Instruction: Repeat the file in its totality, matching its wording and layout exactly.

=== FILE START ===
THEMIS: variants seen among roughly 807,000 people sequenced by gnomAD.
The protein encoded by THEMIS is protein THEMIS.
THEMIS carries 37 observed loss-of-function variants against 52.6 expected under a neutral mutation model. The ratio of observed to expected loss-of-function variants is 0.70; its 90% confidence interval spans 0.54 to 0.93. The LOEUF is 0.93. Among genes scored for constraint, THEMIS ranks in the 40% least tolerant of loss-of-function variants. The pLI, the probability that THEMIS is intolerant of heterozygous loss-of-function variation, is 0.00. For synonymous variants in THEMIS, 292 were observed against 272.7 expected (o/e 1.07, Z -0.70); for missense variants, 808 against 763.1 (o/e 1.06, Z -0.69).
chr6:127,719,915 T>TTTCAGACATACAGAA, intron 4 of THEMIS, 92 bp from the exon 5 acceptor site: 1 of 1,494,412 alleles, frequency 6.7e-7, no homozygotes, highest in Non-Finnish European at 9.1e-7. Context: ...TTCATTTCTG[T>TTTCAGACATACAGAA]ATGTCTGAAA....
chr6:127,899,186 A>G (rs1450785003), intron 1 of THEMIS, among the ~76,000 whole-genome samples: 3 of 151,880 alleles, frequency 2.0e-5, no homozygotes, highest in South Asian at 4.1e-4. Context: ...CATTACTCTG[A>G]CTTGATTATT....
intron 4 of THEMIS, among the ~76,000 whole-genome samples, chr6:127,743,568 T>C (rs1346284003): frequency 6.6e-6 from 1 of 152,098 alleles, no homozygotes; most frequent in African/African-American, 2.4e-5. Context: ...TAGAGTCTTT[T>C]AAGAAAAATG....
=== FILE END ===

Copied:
THEMIS: variants seen among roughly 807,000 people sequenced by gnomAD.
The protein encoded by THEMIS is protein THEMIS.
THEMIS carries 37 observed loss-of-function variants against 52.6 expected under a neutral mutation model. The ratio of observed to expected loss-of-function variants is 0.70; its 90% confidence interval spans 0.54 to 0.93. The LOEUF is 0.93. Among genes scored for constraint, THEMIS ranks in the 40% least tolerant of loss-of-function variants. The pLI, the probability that THEMIS is intolerant of heterozygous loss-of-function variation, is 0.00. For synonymous variants in THEMIS, 292 were observed against 272.7 expected (o/e 1.07, Z -0.70); for missense variants, 808 against 763.1 (o/e 1.06, Z -0.69).
chr6:127,719,915 T>TTTCAGACATACAGAA, intron 4 of THEMIS, 92 bp from the exon 5 acceptor site: 1 of 1,494,412 alleles, frequency 6.7e-7, no homozygotes, highest in Non-Finnish European at 9.1e-7. Context: ...TTCATTTCTG[T>TTTCAGACATACAGAA]ATGTCTGAAA....
chr6:127,899,186 A>G (rs1450785003), intron 1 of THEMIS, among the ~76,000 whole-genome samples: 3 of 151,880 alleles, frequency 2.0e-5, no homozygotes, highest in South Asian at 4.1e-4. Context: ...CATTACTCTG[A>G]CTTGATTATT....
intron 4 of THEMIS, among the ~76,000 whole-genome samples, chr6:127,743,568 T>C (rs1346284003): frequency 6.6e-6 from 1 of 152,098 alleles, no homozygotes; most frequent in African/African-American, 2.4e-5. Context: ...TAGAGTCTTT[T>C]AAGAAAAATG....